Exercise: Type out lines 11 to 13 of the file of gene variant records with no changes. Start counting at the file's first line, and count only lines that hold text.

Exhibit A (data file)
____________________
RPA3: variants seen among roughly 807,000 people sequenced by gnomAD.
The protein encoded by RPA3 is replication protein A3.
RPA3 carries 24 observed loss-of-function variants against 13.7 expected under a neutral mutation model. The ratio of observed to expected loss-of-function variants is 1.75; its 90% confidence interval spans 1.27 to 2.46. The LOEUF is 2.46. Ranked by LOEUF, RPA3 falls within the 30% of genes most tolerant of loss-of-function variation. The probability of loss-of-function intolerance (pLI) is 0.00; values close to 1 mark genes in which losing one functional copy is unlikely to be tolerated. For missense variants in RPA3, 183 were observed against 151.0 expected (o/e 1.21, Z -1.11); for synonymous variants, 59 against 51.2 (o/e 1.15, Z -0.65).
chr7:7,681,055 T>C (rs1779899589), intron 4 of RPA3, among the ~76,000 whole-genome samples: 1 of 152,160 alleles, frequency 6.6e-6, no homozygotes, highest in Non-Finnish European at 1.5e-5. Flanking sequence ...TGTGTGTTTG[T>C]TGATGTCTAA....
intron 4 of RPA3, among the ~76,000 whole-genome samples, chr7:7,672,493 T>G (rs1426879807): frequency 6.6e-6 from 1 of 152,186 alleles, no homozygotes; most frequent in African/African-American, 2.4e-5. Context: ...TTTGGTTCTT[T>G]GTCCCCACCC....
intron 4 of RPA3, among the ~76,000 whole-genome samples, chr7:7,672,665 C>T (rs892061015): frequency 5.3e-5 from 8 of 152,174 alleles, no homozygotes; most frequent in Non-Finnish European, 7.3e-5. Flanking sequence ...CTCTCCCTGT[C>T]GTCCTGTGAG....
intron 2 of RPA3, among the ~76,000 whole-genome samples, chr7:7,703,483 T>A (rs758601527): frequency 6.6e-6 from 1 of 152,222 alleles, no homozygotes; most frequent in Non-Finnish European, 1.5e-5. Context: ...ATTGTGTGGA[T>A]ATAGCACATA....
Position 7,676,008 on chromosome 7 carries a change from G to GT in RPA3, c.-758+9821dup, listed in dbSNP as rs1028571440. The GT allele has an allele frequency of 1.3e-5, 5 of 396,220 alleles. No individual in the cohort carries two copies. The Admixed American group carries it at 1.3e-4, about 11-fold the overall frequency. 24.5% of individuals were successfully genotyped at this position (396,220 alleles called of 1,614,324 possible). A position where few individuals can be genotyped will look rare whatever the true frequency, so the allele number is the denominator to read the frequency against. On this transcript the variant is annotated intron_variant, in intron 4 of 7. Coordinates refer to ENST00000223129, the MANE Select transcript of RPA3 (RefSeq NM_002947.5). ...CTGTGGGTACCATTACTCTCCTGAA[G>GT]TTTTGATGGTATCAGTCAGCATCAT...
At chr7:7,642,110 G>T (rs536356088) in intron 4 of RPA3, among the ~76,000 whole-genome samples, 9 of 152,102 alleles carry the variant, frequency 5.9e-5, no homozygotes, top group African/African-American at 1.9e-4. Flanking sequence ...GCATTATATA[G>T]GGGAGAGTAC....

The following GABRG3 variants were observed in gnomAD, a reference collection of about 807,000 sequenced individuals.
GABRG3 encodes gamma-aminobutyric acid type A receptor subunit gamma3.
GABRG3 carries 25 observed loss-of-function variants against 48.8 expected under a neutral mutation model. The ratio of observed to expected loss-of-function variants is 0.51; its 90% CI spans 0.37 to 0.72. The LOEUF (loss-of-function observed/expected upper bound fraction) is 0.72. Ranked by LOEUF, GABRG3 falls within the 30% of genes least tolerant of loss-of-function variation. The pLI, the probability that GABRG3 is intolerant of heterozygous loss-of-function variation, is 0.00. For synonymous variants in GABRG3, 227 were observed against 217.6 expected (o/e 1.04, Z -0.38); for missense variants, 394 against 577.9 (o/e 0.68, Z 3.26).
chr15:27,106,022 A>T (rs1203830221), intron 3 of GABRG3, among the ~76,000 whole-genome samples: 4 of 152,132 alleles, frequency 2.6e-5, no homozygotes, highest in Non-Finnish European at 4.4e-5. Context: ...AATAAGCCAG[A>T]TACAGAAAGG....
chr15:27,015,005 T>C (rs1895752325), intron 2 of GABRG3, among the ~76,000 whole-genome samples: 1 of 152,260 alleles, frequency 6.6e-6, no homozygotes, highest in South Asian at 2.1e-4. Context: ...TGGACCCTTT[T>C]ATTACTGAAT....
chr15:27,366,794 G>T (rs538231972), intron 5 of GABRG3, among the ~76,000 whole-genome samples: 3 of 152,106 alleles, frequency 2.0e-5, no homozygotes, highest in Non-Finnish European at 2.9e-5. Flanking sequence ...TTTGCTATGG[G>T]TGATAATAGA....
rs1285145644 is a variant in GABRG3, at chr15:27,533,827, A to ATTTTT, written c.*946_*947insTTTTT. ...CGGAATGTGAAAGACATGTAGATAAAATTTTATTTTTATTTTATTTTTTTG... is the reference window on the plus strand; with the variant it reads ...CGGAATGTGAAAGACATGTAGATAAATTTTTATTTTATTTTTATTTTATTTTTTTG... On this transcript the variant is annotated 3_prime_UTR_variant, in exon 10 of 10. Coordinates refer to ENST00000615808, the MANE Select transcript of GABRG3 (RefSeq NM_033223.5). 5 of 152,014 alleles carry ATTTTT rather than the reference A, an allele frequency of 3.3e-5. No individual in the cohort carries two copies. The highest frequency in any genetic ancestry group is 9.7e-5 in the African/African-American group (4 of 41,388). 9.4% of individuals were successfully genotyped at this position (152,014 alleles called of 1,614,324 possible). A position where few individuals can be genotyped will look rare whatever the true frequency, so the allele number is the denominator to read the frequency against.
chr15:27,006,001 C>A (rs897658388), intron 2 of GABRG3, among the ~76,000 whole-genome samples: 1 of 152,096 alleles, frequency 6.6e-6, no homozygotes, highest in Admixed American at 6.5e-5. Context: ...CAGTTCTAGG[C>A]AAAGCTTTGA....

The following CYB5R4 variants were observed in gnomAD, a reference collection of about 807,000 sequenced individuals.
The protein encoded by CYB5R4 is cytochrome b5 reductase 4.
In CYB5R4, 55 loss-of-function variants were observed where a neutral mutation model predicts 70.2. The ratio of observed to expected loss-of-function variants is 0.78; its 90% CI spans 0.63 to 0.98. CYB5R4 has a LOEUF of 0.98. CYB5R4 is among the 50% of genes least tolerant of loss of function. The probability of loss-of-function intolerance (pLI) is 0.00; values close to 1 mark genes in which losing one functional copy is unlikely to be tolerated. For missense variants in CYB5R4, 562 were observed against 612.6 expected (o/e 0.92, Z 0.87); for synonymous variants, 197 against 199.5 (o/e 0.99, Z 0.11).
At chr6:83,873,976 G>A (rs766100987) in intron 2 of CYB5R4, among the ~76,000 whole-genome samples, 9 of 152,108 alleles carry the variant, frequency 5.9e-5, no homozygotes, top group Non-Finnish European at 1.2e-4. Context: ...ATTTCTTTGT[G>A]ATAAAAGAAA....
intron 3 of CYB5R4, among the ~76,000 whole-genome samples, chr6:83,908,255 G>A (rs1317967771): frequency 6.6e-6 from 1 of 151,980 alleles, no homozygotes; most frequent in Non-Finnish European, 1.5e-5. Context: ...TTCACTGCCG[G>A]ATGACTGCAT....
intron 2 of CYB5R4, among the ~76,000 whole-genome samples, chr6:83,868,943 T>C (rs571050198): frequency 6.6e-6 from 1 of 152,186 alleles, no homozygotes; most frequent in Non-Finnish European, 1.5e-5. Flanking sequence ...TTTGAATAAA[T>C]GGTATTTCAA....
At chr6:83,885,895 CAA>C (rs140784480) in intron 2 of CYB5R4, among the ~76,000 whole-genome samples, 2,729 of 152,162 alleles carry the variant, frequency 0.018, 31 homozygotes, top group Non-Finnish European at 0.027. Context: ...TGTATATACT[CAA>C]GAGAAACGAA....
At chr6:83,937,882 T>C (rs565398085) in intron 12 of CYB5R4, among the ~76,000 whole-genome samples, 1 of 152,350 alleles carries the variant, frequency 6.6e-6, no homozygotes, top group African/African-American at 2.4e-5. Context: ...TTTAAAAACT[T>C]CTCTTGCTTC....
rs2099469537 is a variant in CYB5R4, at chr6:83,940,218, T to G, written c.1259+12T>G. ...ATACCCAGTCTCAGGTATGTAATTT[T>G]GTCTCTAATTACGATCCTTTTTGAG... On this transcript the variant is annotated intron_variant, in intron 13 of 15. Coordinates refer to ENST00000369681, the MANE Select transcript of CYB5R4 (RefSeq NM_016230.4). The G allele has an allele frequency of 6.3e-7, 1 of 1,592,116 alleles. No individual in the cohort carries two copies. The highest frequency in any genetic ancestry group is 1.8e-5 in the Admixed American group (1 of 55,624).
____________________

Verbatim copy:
GABRG3 encodes gamma-aminobutyric acid type A receptor subunit gamma3.
GABRG3 carries 25 observed loss-of-function variants against 48.8 expected under a neutral mutation model. The ratio of observed to expected loss-of-function variants is 0.51; its 90% CI spans 0.37 to 0.72. The LOEUF (loss-of-function observed/expected upper bound fraction) is 0.72. Ranked by LOEUF, GABRG3 falls within the 30% of genes least tolerant of loss-of-function variation. The pLI, the probability that GABRG3 is intolerant of heterozygous loss-of-function variation, is 0.00. For synonymous variants in GABRG3, 227 were observed against 217.6 expected (o/e 1.04, Z -0.38); for missense variants, 394 against 577.9 (o/e 0.68, Z 3.26).
chr15:27,106,022 A>T (rs1203830221), intron 3 of GABRG3, among the ~76,000 whole-genome samples: 4 of 152,132 alleles, frequency 2.6e-5, no homozygotes, highest in Non-Finnish European at 4.4e-5. Context: ...AATAAGCCAG[A>T]TACAGAAAGG....